Embodied Astrology

The Art of Astrology

Renee Sills, founder of Embodied Astrology, talks about developing a creative life with help from the cosmos

For many, the time-honored tradition of astrology is a staple of contemporary life in confusing times. With the psychic upheaval this tumultuous year has brought us, it seems fitting to turn to the cosmos for guidance. As it so happens, it has a lot to say!

Renee Sills (she/her & they/them), a local artist and founder of Embodied Astrology, offered me some insight into the signs of the times. Sills’ astrology practice draws on artistic interests—which include dance and social practice. In a recent conversation, we discussed how her work with the cosmos interweaves with her creative life.

In popular culture, astrology is associated with horoscopes. Take, for example, Puerto Rican astrologer Walter Mercado, whose beloved horoscopes are chronicled on the recent Netflix documentary Mucho Mucho Amor. Usually horoscopes offer advice for each sun sign in the zodiac, and the reader can apply that advice to such personal affairs as relationships, careers, and finances.

Photo by Salty Xi Jie Ng for the #EABodiesProject creative exchange

Embodied Astrology, however, differentiates itself from that general approach through its focus on “embodiment”—a term that can encompass one’s personal and ancestral history, identity, movement and physical sensations, among other meanings. This relationship of astrology to embodiment is not new. In the ancient practice of medical astrology, each sign in the zodiac also “rules” or connects to various body parts. Sills sometimes works with medical astrology methods in her practice with clients. She has suggested that, “If you can speak from your body, oftentimes, you can speak to the truth of something.”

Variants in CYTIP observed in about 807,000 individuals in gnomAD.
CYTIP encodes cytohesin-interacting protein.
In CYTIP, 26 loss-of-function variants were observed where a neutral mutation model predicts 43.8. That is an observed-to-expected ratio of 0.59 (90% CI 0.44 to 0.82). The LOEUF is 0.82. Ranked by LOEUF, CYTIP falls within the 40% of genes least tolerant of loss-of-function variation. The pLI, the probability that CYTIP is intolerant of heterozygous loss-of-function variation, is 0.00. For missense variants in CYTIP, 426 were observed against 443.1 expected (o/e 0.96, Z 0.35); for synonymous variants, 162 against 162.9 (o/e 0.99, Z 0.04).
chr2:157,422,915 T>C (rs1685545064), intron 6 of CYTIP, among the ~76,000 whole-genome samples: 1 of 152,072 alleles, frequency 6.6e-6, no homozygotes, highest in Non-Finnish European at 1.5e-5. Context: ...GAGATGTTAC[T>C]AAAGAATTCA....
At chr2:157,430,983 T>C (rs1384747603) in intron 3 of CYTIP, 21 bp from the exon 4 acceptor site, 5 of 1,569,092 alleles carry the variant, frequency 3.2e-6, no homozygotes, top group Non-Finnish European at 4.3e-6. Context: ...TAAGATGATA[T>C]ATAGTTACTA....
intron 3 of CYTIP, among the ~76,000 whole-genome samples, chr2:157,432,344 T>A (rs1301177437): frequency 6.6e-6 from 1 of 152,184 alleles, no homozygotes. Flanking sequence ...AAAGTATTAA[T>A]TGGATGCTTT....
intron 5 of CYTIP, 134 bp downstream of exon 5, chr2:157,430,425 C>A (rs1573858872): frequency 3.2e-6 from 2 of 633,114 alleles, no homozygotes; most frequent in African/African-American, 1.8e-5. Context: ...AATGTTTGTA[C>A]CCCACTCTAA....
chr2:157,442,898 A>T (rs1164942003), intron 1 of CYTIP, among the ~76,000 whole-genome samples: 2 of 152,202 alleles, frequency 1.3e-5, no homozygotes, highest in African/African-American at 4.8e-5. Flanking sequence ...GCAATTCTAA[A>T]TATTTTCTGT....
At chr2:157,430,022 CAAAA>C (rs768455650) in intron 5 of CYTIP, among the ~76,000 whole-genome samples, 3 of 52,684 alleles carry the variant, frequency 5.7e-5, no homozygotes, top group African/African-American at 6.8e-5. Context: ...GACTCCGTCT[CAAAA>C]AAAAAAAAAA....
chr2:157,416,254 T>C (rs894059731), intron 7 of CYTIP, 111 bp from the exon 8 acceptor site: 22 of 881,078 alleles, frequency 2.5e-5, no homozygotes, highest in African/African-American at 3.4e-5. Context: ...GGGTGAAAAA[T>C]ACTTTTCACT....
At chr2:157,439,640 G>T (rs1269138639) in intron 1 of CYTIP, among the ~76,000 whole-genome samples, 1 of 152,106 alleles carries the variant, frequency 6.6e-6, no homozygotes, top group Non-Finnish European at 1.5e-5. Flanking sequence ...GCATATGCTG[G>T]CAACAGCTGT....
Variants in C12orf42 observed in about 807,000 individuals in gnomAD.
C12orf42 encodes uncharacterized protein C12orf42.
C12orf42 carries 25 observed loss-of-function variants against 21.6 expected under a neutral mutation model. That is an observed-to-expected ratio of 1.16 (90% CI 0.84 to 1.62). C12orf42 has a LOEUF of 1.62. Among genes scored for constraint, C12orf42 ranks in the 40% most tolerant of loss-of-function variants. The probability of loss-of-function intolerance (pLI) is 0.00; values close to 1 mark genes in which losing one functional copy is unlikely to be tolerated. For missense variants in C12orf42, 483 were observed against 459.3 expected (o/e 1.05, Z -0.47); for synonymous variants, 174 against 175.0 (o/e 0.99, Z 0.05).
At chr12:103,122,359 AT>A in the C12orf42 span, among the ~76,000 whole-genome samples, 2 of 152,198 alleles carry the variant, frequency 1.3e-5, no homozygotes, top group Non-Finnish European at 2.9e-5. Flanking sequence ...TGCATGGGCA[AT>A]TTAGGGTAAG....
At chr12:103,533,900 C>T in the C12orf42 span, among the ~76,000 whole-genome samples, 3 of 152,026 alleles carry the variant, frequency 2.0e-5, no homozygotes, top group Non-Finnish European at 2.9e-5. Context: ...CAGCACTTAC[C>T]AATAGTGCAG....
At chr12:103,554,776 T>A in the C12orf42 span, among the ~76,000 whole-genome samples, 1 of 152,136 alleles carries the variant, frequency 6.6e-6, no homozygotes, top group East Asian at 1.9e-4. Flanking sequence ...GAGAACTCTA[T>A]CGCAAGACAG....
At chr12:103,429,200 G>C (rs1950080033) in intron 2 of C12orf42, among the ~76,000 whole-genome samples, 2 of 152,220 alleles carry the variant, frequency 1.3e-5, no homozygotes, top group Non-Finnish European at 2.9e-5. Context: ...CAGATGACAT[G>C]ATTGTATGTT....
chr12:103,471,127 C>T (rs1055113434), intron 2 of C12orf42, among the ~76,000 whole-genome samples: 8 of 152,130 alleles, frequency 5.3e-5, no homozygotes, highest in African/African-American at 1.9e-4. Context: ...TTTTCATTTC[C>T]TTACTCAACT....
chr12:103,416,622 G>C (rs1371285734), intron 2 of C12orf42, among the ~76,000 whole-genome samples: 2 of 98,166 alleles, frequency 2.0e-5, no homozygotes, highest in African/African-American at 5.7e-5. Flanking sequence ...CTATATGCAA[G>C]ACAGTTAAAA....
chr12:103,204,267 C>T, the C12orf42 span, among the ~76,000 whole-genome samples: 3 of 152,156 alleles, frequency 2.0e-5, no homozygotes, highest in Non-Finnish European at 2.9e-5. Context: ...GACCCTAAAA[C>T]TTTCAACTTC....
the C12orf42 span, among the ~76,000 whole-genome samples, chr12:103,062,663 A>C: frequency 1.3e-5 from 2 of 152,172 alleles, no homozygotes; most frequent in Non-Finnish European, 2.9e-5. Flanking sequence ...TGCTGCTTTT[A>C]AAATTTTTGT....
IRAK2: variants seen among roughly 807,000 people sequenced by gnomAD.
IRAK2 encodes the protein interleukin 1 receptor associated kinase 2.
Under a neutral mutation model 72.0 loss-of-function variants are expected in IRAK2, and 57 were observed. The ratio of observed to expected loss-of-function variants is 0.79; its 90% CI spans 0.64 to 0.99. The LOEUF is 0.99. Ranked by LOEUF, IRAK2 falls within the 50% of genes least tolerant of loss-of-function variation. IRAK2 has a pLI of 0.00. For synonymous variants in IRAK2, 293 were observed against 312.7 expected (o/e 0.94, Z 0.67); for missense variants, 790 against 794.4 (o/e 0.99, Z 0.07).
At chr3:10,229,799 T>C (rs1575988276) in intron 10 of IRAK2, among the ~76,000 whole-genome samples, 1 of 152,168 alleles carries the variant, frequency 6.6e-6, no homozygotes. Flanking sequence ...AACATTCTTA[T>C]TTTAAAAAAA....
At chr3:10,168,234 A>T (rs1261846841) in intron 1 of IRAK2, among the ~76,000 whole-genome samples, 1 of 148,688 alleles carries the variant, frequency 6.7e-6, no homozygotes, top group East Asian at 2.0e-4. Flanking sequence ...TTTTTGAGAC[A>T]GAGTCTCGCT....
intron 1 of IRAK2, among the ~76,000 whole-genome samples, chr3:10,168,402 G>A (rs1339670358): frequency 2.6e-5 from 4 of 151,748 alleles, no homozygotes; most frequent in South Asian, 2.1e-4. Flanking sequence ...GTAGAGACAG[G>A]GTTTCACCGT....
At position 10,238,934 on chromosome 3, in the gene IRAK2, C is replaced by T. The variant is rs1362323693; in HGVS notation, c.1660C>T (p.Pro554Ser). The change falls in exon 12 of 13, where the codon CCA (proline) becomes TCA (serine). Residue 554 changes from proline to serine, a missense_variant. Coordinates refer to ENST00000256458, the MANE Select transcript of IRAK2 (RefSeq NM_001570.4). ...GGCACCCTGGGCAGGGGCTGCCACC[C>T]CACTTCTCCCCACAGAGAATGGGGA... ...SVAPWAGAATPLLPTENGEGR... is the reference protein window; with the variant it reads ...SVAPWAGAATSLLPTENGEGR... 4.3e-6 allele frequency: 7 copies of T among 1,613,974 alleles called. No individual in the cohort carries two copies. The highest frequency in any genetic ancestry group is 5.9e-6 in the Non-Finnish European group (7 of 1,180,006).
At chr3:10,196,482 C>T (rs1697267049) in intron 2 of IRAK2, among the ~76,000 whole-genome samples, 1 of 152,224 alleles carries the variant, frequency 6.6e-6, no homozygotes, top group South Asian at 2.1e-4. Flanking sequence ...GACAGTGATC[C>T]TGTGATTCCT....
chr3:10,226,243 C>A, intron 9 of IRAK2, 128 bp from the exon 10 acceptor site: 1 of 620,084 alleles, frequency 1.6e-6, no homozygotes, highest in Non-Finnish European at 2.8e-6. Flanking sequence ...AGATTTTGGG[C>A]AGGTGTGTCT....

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An academic conference for Schemers, Scammers, and Subverters

Artists Ralph Pugay and Roz Crews have designed a conference for our times

“I think a lot has changed for the project since we talked last,” says Ralph Pugay (he/him) as I caught up with him and Roz Crews (she/her) over coffee two weeks ago. I have been following these two artists as they have collaborated on the Schemers, Scammers, and Subverters Symposium , aka SSSS, since early last year.

“We’re not going to have Tonya Harding,” continued Pugay.

“Sadly,” added Crews.

Originally slated to take place in December 2018, SSSS was envisioned as an academic conference that would feature presentations by schemers, scammers, and subverters from a wide array of backgrounds. The aforementioned Olympian was high on the list of desirable presenters. However, Crews and Pugay have since shifted their timeline and programmatic vision, instead reaching out to locally-based artists, creatives, and cultural workers through their networks. The event will now take place February 23, from 10am-6pm at the Crowne Plaza Hotel in Portland.

Living School of Art poster for the SSSS’s TOTALLY HONEST BARTER BAZAAR

The conceptual framework of the symposium carries layers of nuance underneath that sensationalist title. “The title of the project is a big part of the project…It’s totally critical, as is true with lots of conceptual art projects,” said Crews of its multiple meanings. “I think those words [scheme, scam, subvert] have negative connotations,” reflected Pugay, “but then I can also imagine, coming from my background, my experience of being a Filipino immigrant, those are also tools for survival for people.”

On the one hand, SSSS has been shaped by a dialogue between Crews and Pugay about this fraught historical moment. They began asking themselves what it would be like, in Crews words, “to make a project that’s about scheming and scamming and subverting systems, when we have a President who is just straight up scamming us all.”

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